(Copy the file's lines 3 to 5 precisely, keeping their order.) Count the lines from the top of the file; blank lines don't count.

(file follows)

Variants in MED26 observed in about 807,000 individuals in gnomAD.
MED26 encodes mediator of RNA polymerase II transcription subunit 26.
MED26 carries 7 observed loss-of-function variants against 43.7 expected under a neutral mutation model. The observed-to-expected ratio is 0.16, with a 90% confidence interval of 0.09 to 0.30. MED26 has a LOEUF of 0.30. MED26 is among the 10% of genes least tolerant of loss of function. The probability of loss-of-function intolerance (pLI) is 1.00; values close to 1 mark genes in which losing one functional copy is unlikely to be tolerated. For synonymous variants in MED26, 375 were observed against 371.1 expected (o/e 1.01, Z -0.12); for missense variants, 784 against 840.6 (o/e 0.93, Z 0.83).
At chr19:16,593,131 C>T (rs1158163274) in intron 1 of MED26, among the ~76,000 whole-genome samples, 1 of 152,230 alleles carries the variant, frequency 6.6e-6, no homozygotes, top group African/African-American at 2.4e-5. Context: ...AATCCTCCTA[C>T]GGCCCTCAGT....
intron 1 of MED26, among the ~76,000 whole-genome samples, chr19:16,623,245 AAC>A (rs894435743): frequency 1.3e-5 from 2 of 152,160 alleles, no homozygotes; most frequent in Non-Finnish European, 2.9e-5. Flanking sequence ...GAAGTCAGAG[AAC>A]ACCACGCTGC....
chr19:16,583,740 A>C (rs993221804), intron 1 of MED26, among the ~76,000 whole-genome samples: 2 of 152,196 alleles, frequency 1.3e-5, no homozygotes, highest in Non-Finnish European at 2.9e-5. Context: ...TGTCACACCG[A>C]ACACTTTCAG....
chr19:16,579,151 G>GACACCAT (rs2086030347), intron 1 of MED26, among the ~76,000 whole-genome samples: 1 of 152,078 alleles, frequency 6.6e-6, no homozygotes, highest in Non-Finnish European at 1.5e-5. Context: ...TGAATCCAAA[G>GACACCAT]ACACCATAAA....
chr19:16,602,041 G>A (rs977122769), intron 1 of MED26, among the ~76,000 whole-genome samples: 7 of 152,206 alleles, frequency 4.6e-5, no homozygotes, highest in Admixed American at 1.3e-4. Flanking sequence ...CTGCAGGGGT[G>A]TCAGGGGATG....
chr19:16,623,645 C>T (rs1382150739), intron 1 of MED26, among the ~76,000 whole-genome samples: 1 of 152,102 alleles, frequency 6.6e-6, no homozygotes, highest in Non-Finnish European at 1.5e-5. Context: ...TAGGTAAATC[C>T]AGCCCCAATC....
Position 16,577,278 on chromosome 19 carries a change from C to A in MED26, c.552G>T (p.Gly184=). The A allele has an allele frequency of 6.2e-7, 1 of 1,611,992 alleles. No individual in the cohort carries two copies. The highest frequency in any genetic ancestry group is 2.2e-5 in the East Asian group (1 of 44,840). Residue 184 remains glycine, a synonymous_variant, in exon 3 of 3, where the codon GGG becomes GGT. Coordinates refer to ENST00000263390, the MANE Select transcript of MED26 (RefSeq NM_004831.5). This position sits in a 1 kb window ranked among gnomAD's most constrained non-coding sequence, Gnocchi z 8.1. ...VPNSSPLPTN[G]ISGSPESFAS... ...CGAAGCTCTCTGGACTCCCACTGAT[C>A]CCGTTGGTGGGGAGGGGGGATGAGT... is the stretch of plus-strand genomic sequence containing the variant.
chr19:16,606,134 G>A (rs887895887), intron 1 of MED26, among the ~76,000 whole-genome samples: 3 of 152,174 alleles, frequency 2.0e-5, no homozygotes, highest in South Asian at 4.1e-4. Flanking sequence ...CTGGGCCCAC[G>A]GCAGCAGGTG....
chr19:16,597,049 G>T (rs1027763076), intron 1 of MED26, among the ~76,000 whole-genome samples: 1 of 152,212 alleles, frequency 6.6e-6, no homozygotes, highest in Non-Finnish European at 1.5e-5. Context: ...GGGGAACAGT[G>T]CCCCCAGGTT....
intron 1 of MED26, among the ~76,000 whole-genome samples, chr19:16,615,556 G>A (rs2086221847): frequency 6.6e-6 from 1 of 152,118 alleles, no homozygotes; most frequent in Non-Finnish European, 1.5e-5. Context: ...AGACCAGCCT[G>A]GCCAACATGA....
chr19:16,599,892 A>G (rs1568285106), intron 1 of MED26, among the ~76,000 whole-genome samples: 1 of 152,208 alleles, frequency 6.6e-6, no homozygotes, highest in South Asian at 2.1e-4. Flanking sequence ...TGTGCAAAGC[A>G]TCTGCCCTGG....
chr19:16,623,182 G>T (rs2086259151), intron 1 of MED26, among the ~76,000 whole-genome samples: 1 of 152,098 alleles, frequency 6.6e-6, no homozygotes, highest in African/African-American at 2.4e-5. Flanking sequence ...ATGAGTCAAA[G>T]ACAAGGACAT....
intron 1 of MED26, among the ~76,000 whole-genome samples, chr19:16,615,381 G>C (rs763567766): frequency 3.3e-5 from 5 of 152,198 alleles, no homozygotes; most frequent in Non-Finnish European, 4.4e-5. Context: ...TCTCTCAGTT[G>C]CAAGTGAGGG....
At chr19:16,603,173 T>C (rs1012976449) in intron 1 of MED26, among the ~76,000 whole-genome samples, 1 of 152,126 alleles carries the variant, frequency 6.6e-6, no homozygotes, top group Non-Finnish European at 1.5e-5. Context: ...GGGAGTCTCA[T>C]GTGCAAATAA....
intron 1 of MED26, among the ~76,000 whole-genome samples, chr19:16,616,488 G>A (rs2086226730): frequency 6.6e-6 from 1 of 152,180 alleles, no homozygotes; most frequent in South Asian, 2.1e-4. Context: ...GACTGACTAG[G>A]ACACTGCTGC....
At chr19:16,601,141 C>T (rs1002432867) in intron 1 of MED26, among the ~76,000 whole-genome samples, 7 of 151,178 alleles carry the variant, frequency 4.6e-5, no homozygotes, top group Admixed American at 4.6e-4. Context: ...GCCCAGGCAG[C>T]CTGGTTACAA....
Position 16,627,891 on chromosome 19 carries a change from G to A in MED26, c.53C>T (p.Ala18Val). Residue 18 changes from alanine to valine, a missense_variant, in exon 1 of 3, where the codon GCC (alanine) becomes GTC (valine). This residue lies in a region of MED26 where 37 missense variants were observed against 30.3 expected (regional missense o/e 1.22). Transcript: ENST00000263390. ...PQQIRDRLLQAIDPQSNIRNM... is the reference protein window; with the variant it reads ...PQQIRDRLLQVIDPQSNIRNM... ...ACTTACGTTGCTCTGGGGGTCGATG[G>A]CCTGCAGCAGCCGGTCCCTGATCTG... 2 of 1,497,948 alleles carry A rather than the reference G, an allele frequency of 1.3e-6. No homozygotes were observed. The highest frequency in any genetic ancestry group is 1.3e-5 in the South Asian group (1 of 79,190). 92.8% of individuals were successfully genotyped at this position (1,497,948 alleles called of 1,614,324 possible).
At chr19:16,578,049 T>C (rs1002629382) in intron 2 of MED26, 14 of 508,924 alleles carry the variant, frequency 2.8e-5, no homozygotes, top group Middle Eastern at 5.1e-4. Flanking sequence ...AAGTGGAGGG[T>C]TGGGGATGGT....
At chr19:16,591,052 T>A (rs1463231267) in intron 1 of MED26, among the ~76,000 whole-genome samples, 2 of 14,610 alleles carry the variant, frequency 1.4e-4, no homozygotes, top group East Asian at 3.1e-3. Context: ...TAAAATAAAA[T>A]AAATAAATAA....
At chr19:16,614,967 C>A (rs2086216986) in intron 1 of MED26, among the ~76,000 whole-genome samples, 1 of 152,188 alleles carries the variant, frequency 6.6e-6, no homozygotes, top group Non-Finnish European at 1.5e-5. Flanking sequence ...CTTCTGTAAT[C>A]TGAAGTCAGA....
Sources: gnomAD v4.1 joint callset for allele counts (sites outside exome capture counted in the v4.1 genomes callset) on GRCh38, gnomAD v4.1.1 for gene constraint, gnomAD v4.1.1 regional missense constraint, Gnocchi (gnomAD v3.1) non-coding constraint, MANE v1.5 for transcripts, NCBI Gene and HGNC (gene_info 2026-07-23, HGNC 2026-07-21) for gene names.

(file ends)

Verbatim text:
MED26 carries 7 observed loss-of-function variants against 43.7 expected under a neutral mutation model. The observed-to-expected ratio is 0.16, with a 90% confidence interval of 0.09 to 0.30. MED26 has a LOEUF of 0.30. MED26 is among the 10% of genes least tolerant of loss of function. The probability of loss-of-function intolerance (pLI) is 1.00; values close to 1 mark genes in which losing one functional copy is unlikely to be tolerated. For synonymous variants in MED26, 375 were observed against 371.1 expected (o/e 1.01, Z -0.12); for missense variants, 784 against 840.6 (o/e 0.93, Z 0.83).
At chr19:16,593,131 C>T (rs1158163274) in intron 1 of MED26, among the ~76,000 whole-genome samples, 1 of 152,230 alleles carries the variant, frequency 6.6e-6, no homozygotes, top group African/African-American at 2.4e-5. Context: ...AATCCTCCTA[C>T]GGCCCTCAGT....
intron 1 of MED26, among the ~76,000 whole-genome samples, chr19:16,623,245 AAC>A (rs894435743): frequency 1.3e-5 from 2 of 152,160 alleles, no homozygotes; most frequent in Non-Finnish European, 2.9e-5. Flanking sequence ...GAAGTCAGAG[AAC>A]ACCACGCTGC....